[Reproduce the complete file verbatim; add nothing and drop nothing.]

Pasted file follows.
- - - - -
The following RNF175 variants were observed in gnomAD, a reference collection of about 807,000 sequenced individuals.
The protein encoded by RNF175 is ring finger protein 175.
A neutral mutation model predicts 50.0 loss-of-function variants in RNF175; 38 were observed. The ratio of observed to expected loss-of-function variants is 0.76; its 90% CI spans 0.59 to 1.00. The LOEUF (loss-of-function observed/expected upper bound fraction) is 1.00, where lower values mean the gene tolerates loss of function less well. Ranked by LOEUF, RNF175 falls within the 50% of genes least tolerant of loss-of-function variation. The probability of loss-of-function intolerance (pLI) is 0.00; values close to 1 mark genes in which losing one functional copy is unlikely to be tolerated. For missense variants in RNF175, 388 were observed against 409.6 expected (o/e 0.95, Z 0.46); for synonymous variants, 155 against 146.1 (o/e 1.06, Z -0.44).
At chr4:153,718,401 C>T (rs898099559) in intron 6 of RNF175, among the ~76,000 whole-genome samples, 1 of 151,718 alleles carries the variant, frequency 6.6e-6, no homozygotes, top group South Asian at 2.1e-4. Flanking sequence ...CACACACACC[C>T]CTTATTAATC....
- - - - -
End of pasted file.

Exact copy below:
The following RNF175 variants were observed in gnomAD, a reference collection of about 807,000 sequenced individuals.
The protein encoded by RNF175 is ring finger protein 175.
A neutral mutation model predicts 50.0 loss-of-function variants in RNF175; 38 were observed. The ratio of observed to expected loss-of-function variants is 0.76; its 90% CI spans 0.59 to 1.00. The LOEUF (loss-of-function observed/expected upper bound fraction) is 1.00, where lower values mean the gene tolerates loss of function less well. Ranked by LOEUF, RNF175 falls within the 50% of genes least tolerant of loss-of-function variation. The probability of loss-of-function intolerance (pLI) is 0.00; values close to 1 mark genes in which losing one functional copy is unlikely to be tolerated. For missense variants in RNF175, 388 were observed against 409.6 expected (o/e 0.95, Z 0.46); for synonymous variants, 155 against 146.1 (o/e 1.06, Z -0.44).
At chr4:153,718,401 C>T (rs898099559) in intron 6 of RNF175, among the ~76,000 whole-genome samples, 1 of 151,718 alleles carries the variant, frequency 6.6e-6, no homozygotes, top group South Asian at 2.1e-4. Flanking sequence ...CACACACACC[C>T]CTTATTAATC....